Muslim restaurants ordered to continue selling cigarettes, alcohol or risk being shut down
Shops and restaurants owned by Muslins have also been ordered to continue selling cigarettes and alcohol over the course of the month – or be shut down altogether.
The Uighur leader, Dilxat Raxit, sees the move as China’s attempt to control their Islamic faith and warned that the restrictions would force the Uighur people to resist the rule of the Chinese government even more.
He added: “The faith of the Uighurs has been highly politicized and the increase in controls could cause sharp resistance.”
"Food service workplaces will operate normal hours during Ramadan," said a notice posted last week on the website of the state Food and Drug Administration in Xinjiang's Jinghe county.
Officials in the region's Bole county were told: "During Ramadan do not engage in fasting, vigils or other religious activities," according to a local government website report of a meeting this week.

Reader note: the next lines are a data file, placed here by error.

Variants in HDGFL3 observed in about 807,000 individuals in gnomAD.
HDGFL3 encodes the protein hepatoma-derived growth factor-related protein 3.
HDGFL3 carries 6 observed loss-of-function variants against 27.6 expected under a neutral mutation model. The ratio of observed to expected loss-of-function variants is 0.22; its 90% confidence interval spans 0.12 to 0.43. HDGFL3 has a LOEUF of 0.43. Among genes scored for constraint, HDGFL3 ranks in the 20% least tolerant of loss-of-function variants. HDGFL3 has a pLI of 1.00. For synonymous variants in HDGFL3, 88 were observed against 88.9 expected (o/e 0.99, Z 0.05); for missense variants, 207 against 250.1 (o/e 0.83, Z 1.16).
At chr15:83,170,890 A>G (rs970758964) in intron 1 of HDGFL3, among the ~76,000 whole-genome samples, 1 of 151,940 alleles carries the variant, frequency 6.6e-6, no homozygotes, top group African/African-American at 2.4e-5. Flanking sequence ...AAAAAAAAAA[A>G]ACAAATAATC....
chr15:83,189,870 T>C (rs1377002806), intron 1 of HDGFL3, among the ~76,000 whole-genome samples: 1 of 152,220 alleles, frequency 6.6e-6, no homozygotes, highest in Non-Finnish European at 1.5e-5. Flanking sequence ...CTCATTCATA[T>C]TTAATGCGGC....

"China's goal in prohibiting fasting is to forcibly move Uighurs away from their Muslim culture during Ramadan," said Rexit, spokesman for the exiled World Uighur Congress.
"Policies that prohibit religious fasting are a provocation and will only lead to instability and conflict."
Going one step beyond simply discouraging government employees to forgo fasting, police and court officials in Awat county were ordered to "take the lead in teaching family members not to fast and not to participate in Ramadan-related religious activities", according to a post on China Legal Media.
As in previous years, school children were included in directives limiting Ramadan fasting and other religious observances.
The education bureau of Tarbaghatay city, known as Tacheng in Chinese, this month ordered schools to communicate to students that "during Ramadan, ethnic minority students do not fast, do not enter mosques... and do not attend religious activities".
Similar orders were posted on the websites of other Xinjiang education bureaus and schools.
Ahead of the holy month, one village in Yili, near the border with Kazakhstan, said mosques must check the identification cards of anyone who comes to pray during Ramadan, according to a notice on the government's website.